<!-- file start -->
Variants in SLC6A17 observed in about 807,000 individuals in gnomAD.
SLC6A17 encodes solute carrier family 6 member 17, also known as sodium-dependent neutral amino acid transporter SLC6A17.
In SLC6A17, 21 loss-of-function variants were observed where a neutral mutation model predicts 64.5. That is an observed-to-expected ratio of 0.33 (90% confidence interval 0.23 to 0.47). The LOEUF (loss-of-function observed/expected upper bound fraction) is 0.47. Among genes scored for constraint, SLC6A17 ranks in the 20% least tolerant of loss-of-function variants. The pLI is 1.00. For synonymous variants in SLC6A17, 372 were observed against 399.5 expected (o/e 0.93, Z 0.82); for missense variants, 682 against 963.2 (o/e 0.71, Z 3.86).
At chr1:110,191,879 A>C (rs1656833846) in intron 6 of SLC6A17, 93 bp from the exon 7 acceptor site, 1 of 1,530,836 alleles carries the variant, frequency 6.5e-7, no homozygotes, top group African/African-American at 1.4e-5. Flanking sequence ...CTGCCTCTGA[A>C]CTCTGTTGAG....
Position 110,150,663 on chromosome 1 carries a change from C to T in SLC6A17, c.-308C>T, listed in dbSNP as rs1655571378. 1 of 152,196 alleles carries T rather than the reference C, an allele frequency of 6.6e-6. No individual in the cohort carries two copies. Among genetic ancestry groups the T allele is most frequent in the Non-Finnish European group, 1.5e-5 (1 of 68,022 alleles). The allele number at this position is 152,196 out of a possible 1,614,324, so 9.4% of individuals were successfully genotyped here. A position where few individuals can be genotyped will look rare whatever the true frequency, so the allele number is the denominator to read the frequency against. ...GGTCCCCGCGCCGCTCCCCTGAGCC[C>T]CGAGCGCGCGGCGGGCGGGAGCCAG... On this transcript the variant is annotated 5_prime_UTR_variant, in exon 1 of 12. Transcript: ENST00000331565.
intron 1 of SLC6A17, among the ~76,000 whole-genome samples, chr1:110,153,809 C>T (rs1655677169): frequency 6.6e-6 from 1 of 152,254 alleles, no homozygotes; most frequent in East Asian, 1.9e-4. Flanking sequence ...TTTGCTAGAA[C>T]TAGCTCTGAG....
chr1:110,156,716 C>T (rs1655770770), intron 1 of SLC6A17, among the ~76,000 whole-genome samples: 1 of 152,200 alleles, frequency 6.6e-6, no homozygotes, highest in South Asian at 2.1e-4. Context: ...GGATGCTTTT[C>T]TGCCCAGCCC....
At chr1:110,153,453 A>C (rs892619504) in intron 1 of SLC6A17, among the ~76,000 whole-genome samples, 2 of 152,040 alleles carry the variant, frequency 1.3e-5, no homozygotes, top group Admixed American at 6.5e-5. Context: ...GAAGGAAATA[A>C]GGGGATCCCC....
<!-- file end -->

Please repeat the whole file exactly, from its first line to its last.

Variants in SLC6A17 observed in about 807,000 individuals in gnomAD.
SLC6A17 encodes solute carrier family 6 member 17, also known as sodium-dependent neutral amino acid transporter SLC6A17.
In SLC6A17, 21 loss-of-function variants were observed where a neutral mutation model predicts 64.5. That is an observed-to-expected ratio of 0.33 (90% confidence interval 0.23 to 0.47). The LOEUF (loss-of-function observed/expected upper bound fraction) is 0.47. Among genes scored for constraint, SLC6A17 ranks in the 20% least tolerant of loss-of-function variants. The pLI is 1.00. For synonymous variants in SLC6A17, 372 were observed against 399.5 expected (o/e 0.93, Z 0.82); for missense variants, 682 against 963.2 (o/e 0.71, Z 3.86).
At chr1:110,191,879 A>C (rs1656833846) in intron 6 of SLC6A17, 93 bp from the exon 7 acceptor site, 1 of 1,530,836 alleles carries the variant, frequency 6.5e-7, no homozygotes, top group African/African-American at 1.4e-5. Flanking sequence ...CTGCCTCTGA[A>C]CTCTGTTGAG....
Position 110,150,663 on chromosome 1 carries a change from C to T in SLC6A17, c.-308C>T, listed in dbSNP as rs1655571378. 1 of 152,196 alleles carries T rather than the reference C, an allele frequency of 6.6e-6. No individual in the cohort carries two copies. Among genetic ancestry groups the T allele is most frequent in the Non-Finnish European group, 1.5e-5 (1 of 68,022 alleles). The allele number at this position is 152,196 out of a possible 1,614,324, so 9.4% of individuals were successfully genotyped here. A position where few individuals can be genotyped will look rare whatever the true frequency, so the allele number is the denominator to read the frequency against. ...GGTCCCCGCGCCGCTCCCCTGAGCC[C>T]CGAGCGCGCGGCGGGCGGGAGCCAG... On this transcript the variant is annotated 5_prime_UTR_variant, in exon 1 of 12. Transcript: ENST00000331565.
intron 1 of SLC6A17, among the ~76,000 whole-genome samples, chr1:110,153,809 C>T (rs1655677169): frequency 6.6e-6 from 1 of 152,254 alleles, no homozygotes; most frequent in East Asian, 1.9e-4. Flanking sequence ...TTTGCTAGAA[C>T]TAGCTCTGAG....
chr1:110,156,716 C>T (rs1655770770), intron 1 of SLC6A17, among the ~76,000 whole-genome samples: 1 of 152,200 alleles, frequency 6.6e-6, no homozygotes, highest in South Asian at 2.1e-4. Context: ...GGATGCTTTT[C>T]TGCCCAGCCC....
At chr1:110,153,453 A>C (rs892619504) in intron 1 of SLC6A17, among the ~76,000 whole-genome samples, 2 of 152,040 alleles carry the variant, frequency 1.3e-5, no homozygotes, top group Admixed American at 6.5e-5. Context: ...GAAGGAAATA[A>C]GGGGATCCCC....